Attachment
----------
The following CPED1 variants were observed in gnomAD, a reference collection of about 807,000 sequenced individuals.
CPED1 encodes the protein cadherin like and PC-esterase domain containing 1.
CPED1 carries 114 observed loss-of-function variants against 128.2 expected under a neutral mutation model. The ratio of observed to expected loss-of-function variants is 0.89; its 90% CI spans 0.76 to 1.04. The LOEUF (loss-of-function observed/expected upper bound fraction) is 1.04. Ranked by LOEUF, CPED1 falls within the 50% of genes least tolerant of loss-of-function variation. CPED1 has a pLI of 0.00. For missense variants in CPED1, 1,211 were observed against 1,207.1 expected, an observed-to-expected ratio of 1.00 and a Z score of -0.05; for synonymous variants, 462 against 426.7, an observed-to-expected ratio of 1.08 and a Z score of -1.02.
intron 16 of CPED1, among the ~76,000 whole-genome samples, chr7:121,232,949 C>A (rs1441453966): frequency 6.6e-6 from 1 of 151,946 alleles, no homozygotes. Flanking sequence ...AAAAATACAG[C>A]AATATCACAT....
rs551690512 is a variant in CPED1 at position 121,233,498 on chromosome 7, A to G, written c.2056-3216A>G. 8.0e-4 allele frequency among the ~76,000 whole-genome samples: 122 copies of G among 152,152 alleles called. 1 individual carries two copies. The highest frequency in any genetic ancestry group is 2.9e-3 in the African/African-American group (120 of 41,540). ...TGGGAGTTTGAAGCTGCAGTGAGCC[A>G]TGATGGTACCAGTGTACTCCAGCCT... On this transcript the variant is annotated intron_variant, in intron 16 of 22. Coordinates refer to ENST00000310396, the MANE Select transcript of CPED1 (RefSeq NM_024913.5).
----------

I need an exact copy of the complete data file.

The following CPED1 variants were observed in gnomAD, a reference collection of about 807,000 sequenced individuals.
CPED1 encodes the protein cadherin like and PC-esterase domain containing 1.
CPED1 carries 114 observed loss-of-function variants against 128.2 expected under a neutral mutation model. The ratio of observed to expected loss-of-function variants is 0.89; its 90% CI spans 0.76 to 1.04. The LOEUF (loss-of-function observed/expected upper bound fraction) is 1.04. Ranked by LOEUF, CPED1 falls within the 50% of genes least tolerant of loss-of-function variation. CPED1 has a pLI of 0.00. For missense variants in CPED1, 1,211 were observed against 1,207.1 expected, an observed-to-expected ratio of 1.00 and a Z score of -0.05; for synonymous variants, 462 against 426.7, an observed-to-expected ratio of 1.08 and a Z score of -1.02.
intron 16 of CPED1, among the ~76,000 whole-genome samples, chr7:121,232,949 C>A (rs1441453966): frequency 6.6e-6 from 1 of 151,946 alleles, no homozygotes. Flanking sequence ...AAAAATACAG[C>A]AATATCACAT....
rs551690512 is a variant in CPED1 at position 121,233,498 on chromosome 7, A to G, written c.2056-3216A>G. 8.0e-4 allele frequency among the ~76,000 whole-genome samples: 122 copies of G among 152,152 alleles called. 1 individual carries two copies. The highest frequency in any genetic ancestry group is 2.9e-3 in the African/African-American group (120 of 41,540). ...TGGGAGTTTGAAGCTGCAGTGAGCC[A>G]TGATGGTACCAGTGTACTCCAGCCT... On this transcript the variant is annotated intron_variant, in intron 16 of 22. Coordinates refer to ENST00000310396, the MANE Select transcript of CPED1 (RefSeq NM_024913.5).